Editor's note: This article was written by a Townsquare Media Northern New England contributor and may contain the individual's views, opinions, or personal experiences.

If you grew up skiing in New Hampshire, you likely know Tenney Mountain.

Tenney was "built in 1960 by Sam Hall, a World War II veteran of the fabled 10th Mountain Division, a skiing unit of the U.S. Army, and thrived for a quarter century but then suffered years of turmoil under four owners before shutting in 2010," according to a Concord Monitor article.

It is, was, and always will be a smaller mountain with a lot of nostalgia and first-time runs. Tenney is the mountain many people from the Granite State learned to ski on. It is also the mountain many Plymouth State alumni have spent time at during their drunken college years. It's got narrow runs, some harder terrain, a great pub, and the local feel of New Hampshire.

The bottom line is that it's a New Hampshire traditional and a family-feel mountain.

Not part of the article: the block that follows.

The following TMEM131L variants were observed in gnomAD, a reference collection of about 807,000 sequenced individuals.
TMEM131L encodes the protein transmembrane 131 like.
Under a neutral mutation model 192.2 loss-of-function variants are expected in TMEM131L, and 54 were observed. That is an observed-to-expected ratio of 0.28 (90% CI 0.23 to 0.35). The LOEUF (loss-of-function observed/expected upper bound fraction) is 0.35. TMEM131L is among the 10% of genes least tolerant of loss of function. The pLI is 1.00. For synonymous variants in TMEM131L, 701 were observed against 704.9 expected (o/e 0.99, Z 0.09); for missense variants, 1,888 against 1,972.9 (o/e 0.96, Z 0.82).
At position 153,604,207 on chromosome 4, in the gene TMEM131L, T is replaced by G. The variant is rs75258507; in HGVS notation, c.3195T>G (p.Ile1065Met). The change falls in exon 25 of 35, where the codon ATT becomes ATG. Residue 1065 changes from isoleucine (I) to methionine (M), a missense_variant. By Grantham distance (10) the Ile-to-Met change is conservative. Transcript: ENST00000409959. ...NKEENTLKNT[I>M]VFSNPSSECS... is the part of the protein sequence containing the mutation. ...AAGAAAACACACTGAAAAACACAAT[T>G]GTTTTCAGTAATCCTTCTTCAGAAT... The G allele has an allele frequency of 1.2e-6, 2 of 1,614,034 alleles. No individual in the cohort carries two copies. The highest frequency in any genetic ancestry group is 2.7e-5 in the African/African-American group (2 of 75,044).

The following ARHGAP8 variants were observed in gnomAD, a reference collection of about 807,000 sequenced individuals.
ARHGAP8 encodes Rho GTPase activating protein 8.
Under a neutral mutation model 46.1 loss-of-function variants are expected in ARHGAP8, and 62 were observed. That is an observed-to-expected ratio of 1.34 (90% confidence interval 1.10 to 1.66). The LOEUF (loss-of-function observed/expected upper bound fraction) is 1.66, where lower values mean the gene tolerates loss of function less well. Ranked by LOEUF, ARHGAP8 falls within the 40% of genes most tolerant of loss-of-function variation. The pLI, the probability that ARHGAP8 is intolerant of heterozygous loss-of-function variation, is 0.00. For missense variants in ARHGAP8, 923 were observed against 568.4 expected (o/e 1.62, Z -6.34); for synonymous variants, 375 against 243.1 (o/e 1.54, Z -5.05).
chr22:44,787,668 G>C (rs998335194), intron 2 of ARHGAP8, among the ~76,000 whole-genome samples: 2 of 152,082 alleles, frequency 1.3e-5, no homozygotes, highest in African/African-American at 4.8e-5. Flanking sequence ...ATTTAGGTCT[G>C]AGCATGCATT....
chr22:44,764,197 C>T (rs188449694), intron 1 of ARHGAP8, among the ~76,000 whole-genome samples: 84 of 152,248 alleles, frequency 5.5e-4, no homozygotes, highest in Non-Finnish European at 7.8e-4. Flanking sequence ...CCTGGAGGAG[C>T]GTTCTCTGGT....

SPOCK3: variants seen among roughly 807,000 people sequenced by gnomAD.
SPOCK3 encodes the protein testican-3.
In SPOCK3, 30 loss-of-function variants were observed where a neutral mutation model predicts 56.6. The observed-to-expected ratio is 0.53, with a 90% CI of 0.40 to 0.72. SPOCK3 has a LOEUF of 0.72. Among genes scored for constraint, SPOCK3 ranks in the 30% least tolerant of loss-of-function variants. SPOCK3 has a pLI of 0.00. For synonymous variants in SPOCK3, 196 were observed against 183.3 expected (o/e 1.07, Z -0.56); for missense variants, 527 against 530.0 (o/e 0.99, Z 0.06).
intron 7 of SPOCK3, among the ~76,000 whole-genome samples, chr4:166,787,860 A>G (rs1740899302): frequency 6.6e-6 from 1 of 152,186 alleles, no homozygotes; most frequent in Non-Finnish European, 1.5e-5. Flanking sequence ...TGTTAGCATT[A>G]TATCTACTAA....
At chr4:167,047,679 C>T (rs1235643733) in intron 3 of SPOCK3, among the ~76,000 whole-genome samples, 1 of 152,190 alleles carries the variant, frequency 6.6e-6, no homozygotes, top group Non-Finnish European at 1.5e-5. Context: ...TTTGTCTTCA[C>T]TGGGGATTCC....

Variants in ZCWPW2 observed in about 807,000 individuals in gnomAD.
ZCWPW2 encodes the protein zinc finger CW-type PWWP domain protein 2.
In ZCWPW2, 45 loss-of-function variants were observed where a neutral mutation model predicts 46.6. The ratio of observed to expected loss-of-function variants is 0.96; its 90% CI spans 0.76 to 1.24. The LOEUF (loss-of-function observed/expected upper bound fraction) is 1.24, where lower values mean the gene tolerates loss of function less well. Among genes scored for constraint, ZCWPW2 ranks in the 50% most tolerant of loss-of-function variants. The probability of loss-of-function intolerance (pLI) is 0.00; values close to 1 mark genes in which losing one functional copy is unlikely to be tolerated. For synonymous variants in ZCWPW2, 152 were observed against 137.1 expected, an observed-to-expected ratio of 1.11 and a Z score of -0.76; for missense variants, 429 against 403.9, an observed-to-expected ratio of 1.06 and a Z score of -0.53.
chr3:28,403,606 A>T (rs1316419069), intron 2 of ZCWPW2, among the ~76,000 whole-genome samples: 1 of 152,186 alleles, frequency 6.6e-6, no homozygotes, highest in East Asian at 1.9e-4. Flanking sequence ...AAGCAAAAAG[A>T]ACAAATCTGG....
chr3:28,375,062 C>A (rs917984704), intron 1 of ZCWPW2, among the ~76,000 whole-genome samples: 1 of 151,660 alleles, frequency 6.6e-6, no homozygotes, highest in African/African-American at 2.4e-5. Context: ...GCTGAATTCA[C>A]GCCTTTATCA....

Massachusetts businessman Michael Bouchard bought Tenney Mountain in 2015, then sold it last year to another Massachusetts businessman, Steven Kelly, according to Concord Monitor.

Between both attempted owners, millions of dollars were spent to get Tenney back up and operational.

Unfortunately for New Hampshire skiers and local Tenney lovers, Tenney closed their lifts during the pandemic and was never able to reopen.

Until now.

Just last weekend, Tenney was able to open for the first time during the 2022/2023 season, and really for the first time since 2020 (excluding some backcountry stuff).

Get out and enjoy the classic Tenney Mountain. If you don't want to drive all the way up north, it is the perfect place. Forget the crowds and support a New Hampshire classic.

It's now officially open.

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